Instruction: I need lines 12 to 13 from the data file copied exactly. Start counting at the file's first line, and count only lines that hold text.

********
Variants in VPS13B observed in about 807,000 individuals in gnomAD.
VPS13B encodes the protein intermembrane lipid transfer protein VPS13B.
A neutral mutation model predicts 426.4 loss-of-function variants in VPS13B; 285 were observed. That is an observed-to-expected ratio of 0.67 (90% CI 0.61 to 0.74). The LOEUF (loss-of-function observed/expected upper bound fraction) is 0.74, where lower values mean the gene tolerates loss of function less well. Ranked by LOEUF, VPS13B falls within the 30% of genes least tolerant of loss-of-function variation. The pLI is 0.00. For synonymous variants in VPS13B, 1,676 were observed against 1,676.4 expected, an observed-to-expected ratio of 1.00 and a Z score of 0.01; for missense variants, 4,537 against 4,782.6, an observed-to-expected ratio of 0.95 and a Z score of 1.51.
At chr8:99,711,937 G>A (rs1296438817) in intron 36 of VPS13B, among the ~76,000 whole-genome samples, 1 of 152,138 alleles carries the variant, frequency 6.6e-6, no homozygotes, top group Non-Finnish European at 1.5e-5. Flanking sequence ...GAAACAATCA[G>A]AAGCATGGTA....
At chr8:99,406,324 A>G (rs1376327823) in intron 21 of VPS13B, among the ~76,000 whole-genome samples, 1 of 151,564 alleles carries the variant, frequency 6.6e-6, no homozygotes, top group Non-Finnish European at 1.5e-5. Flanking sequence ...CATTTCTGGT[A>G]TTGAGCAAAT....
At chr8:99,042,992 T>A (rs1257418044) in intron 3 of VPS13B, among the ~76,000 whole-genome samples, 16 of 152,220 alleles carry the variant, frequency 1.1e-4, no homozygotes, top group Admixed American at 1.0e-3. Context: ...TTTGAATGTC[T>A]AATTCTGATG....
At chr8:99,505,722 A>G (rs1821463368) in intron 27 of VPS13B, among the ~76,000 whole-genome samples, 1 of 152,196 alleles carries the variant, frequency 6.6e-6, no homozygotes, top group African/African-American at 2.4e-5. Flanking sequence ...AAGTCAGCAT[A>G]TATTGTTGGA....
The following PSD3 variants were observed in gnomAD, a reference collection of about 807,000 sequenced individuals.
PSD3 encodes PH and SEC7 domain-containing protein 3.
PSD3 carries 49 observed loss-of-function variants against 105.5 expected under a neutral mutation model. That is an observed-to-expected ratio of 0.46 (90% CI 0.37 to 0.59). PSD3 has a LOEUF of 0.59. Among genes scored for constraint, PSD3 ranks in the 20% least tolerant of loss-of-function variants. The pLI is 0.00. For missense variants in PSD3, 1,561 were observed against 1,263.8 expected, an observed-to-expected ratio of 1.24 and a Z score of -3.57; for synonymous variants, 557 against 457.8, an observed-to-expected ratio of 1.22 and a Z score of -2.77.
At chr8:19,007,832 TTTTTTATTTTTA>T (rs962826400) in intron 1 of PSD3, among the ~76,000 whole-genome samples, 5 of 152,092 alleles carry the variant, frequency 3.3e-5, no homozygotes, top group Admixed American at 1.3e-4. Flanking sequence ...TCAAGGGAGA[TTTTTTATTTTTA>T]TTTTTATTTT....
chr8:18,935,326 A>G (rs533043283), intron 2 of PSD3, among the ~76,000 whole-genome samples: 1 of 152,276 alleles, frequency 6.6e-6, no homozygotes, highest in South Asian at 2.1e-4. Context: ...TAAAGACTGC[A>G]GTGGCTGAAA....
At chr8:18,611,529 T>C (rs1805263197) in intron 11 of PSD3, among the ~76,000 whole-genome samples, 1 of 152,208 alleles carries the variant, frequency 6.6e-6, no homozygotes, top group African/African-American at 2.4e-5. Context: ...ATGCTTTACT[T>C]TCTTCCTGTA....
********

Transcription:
chr8:18,935,326 A>G (rs533043283), intron 2 of PSD3, among the ~76,000 whole-genome samples: 1 of 152,276 alleles, frequency 6.6e-6, no homozygotes, highest in South Asian at 2.1e-4. Context: ...TAAAGACTGC[A>G]GTGGCTGAAA....
At chr8:18,611,529 T>C (rs1805263197) in intron 11 of PSD3, among the ~76,000 whole-genome samples, 1 of 152,208 alleles carries the variant, frequency 6.6e-6, no homozygotes, top group African/African-American at 2.4e-5. Context: ...ATGCTTTACT[T>C]TCTTCCTGTA....